Clarifying the fog of natural and man made renal function tests
John G. Toffaletti
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This article has been reformatted to fit the layout of the website Reproduced with permission from POINT OF CARE: The Journal of Near-Patient Testing & Technology. 10(1):45-50, March 2011, Toffaletti, JG: ‘Clarifying the Fog of Natural and Manmade Renal Function Tests: Creatinine, Clearances, Glomerular Filtration Rate, and Estimated Glomerular Filtration Rate’.
All copyrights belong to the Journal "Point of Care" http://journals.lww.com/poctjournal/pages/default.aspx and publisher Lippincott Williams & Wilkins.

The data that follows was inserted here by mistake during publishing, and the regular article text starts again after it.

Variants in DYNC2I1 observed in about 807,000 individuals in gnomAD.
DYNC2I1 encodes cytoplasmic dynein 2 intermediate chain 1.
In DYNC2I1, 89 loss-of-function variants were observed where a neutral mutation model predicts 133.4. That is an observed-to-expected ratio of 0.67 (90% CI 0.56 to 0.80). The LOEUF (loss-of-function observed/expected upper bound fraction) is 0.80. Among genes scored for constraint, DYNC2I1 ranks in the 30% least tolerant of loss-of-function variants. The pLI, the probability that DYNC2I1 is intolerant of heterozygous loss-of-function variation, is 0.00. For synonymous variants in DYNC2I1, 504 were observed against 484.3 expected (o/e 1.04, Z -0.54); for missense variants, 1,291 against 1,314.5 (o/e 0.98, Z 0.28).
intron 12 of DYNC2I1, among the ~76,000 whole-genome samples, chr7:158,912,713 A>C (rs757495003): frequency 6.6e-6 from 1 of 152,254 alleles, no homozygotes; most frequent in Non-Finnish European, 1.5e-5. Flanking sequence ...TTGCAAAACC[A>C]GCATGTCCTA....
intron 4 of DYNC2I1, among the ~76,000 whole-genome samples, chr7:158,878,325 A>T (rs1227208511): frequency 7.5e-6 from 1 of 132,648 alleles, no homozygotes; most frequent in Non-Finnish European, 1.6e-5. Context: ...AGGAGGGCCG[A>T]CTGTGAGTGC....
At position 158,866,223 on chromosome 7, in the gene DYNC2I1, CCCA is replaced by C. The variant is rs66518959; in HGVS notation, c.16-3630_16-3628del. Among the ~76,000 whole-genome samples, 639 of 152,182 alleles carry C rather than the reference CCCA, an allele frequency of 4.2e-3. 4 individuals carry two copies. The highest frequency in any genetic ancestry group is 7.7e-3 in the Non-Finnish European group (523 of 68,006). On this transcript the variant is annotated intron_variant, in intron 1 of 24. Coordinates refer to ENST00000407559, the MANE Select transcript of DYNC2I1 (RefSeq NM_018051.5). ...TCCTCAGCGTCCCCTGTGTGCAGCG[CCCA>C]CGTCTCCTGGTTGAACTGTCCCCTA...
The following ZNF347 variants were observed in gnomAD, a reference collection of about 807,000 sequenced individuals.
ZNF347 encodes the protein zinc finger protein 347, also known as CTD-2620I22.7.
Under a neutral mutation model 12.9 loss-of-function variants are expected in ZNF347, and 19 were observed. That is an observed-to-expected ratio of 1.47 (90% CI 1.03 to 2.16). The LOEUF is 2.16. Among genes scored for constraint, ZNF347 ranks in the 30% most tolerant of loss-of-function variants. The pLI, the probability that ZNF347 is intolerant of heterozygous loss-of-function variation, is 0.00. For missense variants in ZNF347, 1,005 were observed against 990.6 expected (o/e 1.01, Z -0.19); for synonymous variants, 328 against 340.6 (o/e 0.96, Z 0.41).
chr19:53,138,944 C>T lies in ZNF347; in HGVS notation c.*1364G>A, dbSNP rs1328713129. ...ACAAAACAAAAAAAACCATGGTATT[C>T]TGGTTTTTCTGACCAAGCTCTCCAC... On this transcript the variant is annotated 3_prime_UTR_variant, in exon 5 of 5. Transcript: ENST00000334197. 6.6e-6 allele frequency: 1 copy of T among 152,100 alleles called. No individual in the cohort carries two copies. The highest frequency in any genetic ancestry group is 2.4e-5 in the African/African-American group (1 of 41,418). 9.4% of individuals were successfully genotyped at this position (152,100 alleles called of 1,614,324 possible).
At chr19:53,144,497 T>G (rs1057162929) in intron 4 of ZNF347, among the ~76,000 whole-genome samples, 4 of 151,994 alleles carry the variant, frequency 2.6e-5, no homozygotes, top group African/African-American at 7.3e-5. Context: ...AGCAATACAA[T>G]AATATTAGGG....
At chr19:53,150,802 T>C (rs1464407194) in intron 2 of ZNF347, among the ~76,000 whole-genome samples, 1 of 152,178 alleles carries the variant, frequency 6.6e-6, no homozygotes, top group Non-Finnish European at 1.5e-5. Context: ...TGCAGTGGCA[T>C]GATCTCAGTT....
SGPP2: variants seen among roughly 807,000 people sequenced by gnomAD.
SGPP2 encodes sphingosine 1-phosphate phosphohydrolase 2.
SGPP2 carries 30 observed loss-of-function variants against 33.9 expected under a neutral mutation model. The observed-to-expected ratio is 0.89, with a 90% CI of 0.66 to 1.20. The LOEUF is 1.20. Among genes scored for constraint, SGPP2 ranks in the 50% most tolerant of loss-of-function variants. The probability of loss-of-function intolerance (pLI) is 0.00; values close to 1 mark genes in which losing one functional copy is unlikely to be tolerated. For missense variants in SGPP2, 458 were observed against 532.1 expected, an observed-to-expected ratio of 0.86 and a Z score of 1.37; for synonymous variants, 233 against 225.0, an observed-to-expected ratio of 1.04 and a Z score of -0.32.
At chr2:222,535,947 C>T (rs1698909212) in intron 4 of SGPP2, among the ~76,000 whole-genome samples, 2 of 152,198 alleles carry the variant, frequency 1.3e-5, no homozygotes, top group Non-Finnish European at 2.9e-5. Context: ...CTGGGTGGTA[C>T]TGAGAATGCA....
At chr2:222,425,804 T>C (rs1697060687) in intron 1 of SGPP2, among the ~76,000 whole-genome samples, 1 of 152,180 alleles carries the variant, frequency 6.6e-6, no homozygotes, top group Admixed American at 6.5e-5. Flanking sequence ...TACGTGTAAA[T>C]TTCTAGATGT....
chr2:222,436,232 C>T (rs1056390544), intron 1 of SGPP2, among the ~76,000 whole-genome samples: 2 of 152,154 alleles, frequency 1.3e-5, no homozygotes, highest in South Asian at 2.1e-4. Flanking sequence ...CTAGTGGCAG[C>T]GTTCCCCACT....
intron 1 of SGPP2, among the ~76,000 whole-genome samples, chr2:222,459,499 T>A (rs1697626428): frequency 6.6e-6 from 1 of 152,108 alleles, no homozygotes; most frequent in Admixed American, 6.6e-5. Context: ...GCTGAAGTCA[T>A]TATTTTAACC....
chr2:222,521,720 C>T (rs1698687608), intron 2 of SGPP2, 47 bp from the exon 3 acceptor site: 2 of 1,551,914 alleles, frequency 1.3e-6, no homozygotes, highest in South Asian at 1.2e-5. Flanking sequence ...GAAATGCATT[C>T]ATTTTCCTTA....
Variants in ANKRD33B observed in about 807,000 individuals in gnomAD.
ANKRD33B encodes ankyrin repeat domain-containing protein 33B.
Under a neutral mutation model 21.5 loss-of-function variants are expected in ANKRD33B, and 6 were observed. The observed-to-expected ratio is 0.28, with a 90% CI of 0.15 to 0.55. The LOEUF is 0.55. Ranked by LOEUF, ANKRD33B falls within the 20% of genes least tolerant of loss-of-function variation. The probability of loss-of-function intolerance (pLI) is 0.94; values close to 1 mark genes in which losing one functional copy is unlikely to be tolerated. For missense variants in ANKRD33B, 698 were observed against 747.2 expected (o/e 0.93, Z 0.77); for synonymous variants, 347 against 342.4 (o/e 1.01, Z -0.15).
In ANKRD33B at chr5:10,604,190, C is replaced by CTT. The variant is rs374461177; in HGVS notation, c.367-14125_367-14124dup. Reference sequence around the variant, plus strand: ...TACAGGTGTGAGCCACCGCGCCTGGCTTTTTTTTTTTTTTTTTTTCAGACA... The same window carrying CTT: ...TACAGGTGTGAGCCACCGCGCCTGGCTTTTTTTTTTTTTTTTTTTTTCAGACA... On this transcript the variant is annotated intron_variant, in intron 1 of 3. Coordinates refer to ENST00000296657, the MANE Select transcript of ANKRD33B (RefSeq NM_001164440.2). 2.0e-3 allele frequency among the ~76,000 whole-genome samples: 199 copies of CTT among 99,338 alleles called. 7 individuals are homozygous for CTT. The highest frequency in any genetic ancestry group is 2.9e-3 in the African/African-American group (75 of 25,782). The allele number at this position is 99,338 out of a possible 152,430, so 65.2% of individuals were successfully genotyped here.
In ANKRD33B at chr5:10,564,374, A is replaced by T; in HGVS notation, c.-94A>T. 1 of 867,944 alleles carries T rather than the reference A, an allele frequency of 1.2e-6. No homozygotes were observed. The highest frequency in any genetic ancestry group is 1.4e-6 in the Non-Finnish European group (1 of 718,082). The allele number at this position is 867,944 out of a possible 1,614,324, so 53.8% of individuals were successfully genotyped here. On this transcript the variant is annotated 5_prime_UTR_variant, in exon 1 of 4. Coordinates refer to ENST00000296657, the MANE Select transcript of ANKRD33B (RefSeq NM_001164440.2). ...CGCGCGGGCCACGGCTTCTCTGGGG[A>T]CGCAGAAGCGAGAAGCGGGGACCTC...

ABSTRACT: This review addresses common misconceptions about serum creatinine, glomerular filtration rate (GFR) measured by either clearance tests (creatinine, iothalamate, inulin, etc) or by equations that calculate the estimated GFR (eGFR), the perceived benefit of isotope-dilution mass spectrometry standardization of creatinine methods, and the accurate definition of “clearance.” Creatinine, especially within-individual monitoring, is a good renal function test that is a better early indicator of diminishing renal function than often believed. Because of its wide population variation, the measured GFR by “clearance” may be no better than serum creatinine for detecting early clinical changes in chronic kidney disease. The eGFR equations intended to calculate GFR (Modification of Diet in Renal Disease eGFR and Chronic Kidney Disease Epidemiology Collaboration eGFR) are measures of serum creatinine adjusted for age, sex, and race, with various mathematical manipulations included to produce an average numerical agreement with the GFR, yet both equations produce widely scattered comparisons between eGFR and measured GFR. Thus, eGFR would be more clinically useful if interpreted simply as a normalized serum creatinine.
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